Oregon Authors Visit North Bend and Newport
The Oregon Book Awards Author Tour brings writers to North Bend and Newport, March 15-17.
On Friday, March 15, Katie Kacvinsky will offer a free writing workshop at the North Bend Public Library (1800 Sherman Ave) :
Falling into Young Adult Fiction
4:00 to 5:00 p.m . In this workshop, Katie will discuss how she fell into writing young adult fiction, and how it’s possible for every writer to pursue this amazing genre. She’ll discuss the one crucial element she needed to learn in order to publish YA, as well as the one piece of writing advice it took her ten years to unlearn before she was successful. She’ll also share some of her writing secrets that have made this process a joy every step of the way.
On Saturday, March 16, Kerry Cohen, Aria Minu-Sepehr and Carrie Seitzinger will be at the North Bend Public Library. Three free writing workshops will be offered with the following schedule:
12:00 p.m. Poetry Workshop, taught by Carrie Seitzinger. Practice a new way to find and use poetry writing prompts. Write a poem, learn basic steps to edit and shape your poem, and work on your craft with other writers in this supportive group environment.
1:00 p.m. The Black Sheep of Nonfiction taught by Aria Minu-Sepehr. Unlike other nonfiction formats, the memoir is guided by its own conventions. In this workshop, participants will review the formal difference between nonfiction and the more “creative” memoir. Then, participants will look at a few central tools available to a memoirist, including “compression” and “rounding the corner,” to see what possibilities emerge when the writer is liberated from the narrow expectations of typical nonfiction. A brief writing exercise will follow.
2:00 p.m. Writing Memoir, taught by Kerry Cohen. Memoir is the story of your memories. This means that two things matter most in memoir: the story and the recounting of memories. What does this mean in terms of how accurate your memory has to be? And what does this mean in terms of shaping a story from those memories? In this workshop participants will discuss what their memoir might be and how to get at its truth. Participants should come prepared to do a short writing exercise.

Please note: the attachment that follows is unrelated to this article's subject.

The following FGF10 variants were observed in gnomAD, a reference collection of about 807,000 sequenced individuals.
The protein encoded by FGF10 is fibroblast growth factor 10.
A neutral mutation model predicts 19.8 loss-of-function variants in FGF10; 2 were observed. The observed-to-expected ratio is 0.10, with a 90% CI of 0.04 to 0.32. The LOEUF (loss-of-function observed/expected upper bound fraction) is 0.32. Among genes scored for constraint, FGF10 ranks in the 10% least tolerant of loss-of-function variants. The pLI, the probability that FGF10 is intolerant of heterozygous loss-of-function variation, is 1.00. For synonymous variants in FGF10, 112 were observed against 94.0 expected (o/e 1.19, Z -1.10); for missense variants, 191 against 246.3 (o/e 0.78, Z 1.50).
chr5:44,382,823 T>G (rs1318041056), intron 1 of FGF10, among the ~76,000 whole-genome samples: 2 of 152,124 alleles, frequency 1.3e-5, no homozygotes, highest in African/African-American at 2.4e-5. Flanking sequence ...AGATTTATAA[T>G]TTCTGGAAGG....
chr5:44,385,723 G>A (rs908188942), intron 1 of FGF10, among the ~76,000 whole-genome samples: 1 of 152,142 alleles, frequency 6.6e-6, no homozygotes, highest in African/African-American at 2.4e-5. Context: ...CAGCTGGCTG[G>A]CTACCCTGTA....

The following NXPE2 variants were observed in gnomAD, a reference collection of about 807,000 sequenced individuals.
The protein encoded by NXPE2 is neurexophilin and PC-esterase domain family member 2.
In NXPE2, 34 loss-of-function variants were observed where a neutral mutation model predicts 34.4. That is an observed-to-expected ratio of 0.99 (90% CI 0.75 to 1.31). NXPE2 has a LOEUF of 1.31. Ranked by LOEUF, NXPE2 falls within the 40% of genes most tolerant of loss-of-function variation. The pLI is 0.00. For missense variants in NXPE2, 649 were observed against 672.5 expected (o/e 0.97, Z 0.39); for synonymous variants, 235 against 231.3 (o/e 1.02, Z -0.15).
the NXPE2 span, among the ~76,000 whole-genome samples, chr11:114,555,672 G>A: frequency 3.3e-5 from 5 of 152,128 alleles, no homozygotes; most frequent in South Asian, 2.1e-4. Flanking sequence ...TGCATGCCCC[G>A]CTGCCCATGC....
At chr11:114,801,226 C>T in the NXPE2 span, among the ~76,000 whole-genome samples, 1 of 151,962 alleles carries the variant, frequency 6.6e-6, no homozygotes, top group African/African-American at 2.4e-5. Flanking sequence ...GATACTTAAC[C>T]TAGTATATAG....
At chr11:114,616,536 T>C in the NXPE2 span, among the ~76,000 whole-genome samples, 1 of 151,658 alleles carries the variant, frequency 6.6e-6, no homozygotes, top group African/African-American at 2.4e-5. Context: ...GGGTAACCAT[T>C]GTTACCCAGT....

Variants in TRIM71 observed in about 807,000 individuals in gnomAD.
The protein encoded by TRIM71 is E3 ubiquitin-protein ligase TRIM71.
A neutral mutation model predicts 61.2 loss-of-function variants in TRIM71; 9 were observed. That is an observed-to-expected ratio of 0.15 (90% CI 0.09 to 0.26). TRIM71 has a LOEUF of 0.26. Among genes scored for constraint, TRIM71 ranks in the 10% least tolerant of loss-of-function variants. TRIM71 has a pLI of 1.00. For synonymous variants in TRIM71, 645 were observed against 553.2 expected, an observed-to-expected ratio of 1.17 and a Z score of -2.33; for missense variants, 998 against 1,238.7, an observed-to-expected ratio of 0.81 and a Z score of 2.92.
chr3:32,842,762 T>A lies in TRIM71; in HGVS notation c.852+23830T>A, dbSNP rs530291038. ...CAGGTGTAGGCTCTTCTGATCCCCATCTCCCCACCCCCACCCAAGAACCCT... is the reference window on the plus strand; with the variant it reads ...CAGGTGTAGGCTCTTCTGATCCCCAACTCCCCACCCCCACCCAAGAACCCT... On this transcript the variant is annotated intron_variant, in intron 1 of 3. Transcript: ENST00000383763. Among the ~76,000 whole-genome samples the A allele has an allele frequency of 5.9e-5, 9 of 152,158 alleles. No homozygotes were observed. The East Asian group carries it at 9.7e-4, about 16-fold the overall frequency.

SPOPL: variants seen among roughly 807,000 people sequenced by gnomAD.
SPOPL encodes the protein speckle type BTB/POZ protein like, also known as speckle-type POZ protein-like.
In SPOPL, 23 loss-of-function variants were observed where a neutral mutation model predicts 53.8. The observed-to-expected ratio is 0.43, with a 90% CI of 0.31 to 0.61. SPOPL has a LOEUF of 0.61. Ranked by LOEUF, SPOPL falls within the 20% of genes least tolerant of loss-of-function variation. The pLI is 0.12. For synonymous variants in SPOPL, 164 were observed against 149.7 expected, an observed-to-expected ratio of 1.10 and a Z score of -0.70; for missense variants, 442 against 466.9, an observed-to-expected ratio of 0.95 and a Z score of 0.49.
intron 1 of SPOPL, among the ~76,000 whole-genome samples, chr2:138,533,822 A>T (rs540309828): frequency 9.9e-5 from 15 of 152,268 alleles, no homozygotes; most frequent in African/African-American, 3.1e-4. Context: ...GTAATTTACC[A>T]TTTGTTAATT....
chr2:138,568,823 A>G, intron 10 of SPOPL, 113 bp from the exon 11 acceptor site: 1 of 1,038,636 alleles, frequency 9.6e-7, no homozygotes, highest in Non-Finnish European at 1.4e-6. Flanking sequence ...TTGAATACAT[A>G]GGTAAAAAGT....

Workshops are free but space is limited and participants are asked to register by emailing Susan Denning at email@example.com.
The workshops will be followed by a reading at 3:00 p.m. with the writers.
Kerry Cohen, Aria Minu-Sepehr and Carrie Seitzinger will also appear on Sunday, March 17th at 3:00 p.m. at the Newport Public Library (35 NW Nye) in Newport. They will be joined by poetry finalist Jean Esteve.
About the Authors Appearing in North Bend and Newport
Kerry Cohen has authored six books, including three young adult novels. She is a 2013 Oregon Book Awards finalist for her books Seeing Ezra and Dirty Little Secrets.
Jean Esteve grew up on Long Island, studied art at Cornell University’s School of Architecture, and now writes and paints in Waldport, Oregon. She is a finalist in poetry for her book, Off-Key.
Katie Kacvinsky worked in the entertainment industry and as a high school English teacher before deciding to write full time. She is a finalist in young adult fiction for her novel, First Comes Love.
Aria Minu-Sepehr started a second life in America at ten as a political refugee fleeing fundamentalism in his homeland. Professionally, he has strived to bring a greater understanding of Iran and the Middle East to his new home and to highlight the respect that exists between East and West outside politics. He is a finalist in creative nonfiction for his memoir, We Heard the Heavens Then.
Carrie Seitzinger is a finalist in poetry for her book Fall Ill Medicine. She is also the author of the poetry chapbook The Dots Don’t Connect. She is the cofounder and editor of the arts and culture magazine Nailed.
Local support for this tour comes from the North Bend Public Library and the Newport Public Library
This program was made possible in part by a grant from Oregon Humanities (OH), a statewide nonprofit organization and an independent affiliate of the National Endowment for the Humanities, which funds OH’s grant program.